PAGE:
Domestic Violence Batterers
Guest Author, Anne Kass, - a retired District Judge of Albuquerque, New Mexico
Most people feel compassion for the victims of domestic violence and their children, but when it comes to the domestic violence offender, the batterer, compassion generally goes out the window. In our Court Clinic, domestic violence research project we've discovered that after hearing the batterers' life-stories, compassion can be found for them as well.
One batterer, who we know is sociopathic and sadistic and who should be put in jail to protect everyone else, described his childhood: His mother was mentally ill. His father was violent. When he and his sister were pre-school age, their father had the mother committed to a mental institution and the children put into foster care. Both he and his sister were sexually molested by their foster parents. The caring side of this man never had a chance. Compassion for him is appropriate even as we incarcerate him, and we incarcerate him not to punish him. He was punished way before he'd done anything wrong..
Court Clinic research so far shows that batterers generally fit into two groups: The educable and the uneducable.
The uneducable group is made up largely of sociopathic individuals. Sociopaths are not emotionally connected to other living creatures. They have no conscience. They are often dangerous. Psychology has no cure for them so far.
The only solution we have is to isolate them from society.
The educable group is made up of individuals who've learned violence, most often by having witnessed violence in their own families when they were children. Some of them can fairly quickly unlearn violence. Others of them have developed more severe psychological problems and require significant therapy to unlearn violent behavior.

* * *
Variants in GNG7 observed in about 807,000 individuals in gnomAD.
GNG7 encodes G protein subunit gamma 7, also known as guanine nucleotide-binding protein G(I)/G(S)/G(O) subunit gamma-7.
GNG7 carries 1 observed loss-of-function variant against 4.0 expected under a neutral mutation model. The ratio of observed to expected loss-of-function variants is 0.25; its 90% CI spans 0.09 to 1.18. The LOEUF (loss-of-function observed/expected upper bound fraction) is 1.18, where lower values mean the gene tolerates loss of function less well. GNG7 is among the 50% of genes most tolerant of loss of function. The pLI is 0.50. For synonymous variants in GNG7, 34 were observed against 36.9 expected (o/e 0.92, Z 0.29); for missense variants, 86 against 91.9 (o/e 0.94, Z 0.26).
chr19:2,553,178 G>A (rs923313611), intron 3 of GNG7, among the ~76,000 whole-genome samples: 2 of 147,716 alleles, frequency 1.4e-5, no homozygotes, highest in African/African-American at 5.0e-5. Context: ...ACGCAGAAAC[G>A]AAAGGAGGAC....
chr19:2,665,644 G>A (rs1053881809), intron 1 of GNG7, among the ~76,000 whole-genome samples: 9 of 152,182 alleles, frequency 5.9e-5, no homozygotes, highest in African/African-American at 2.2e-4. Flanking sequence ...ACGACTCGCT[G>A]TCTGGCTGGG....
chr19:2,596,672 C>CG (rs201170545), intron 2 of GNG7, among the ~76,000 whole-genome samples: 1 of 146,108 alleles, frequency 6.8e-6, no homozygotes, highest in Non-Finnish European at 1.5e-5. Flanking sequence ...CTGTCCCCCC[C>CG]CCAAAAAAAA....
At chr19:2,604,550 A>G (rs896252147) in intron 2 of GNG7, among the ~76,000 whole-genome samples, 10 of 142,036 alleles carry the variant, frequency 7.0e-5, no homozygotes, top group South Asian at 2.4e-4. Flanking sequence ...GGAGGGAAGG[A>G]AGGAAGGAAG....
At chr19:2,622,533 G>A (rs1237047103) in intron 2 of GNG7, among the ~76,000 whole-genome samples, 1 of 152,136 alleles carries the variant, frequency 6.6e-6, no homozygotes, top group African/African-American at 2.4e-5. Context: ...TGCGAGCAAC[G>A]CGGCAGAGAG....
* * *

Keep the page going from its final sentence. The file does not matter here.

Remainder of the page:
Some of these batterers suffer from "abandonment anxiety." When they witnessed violence as children they internalized intense anxiety that the parent who was being physically abused would be killed. Some of them experienced such acute anxiety they resisted going to school or leaving their home because they feared their parent would not be there when they returned.
This emotional disturbance results in a twisted logic. As adults they are still terrified they will be abandoned by a loved one, often their spouse. To prevent the loss they believe they must have absolute control over the loved one. One way to acquire absolute control is through coercion and violence. This control through coercion works for awhile, but ultimately breaks down when domestic violence charges are filed.
There are those who rather casually say, "Violence is learned behavior, and it can be unlearned." The solution they often suggest is to put the batterers in jail to, "give them a taste of their own medicine."
They're right when they say violence can be unlearned, but the unlearning will not be done quickly nor will it be easy to do. The amount of therapy necessary to undo this degree of psychological damage will take a lot of time and money. Most batterers have the time, but few have the money. The counseling intervention programs now provided by courts and corrections are typically 10 to 16 weeks long. Research suggests that two years is more realistic. As for giving them a taste of their own medicine, they already had plenty of that when they were children in a violent home.
People seem willing to spend $30,000/year to imprison someone. We could buy a whole lot of therapy for $30,000. Many domestic violence batterers could become caring human beings if we could have enough compassion for them to spend money to help. Clearly therapy won't help all batterers, but for those who are educable, jail will make things worse where there is a chance to make things better.
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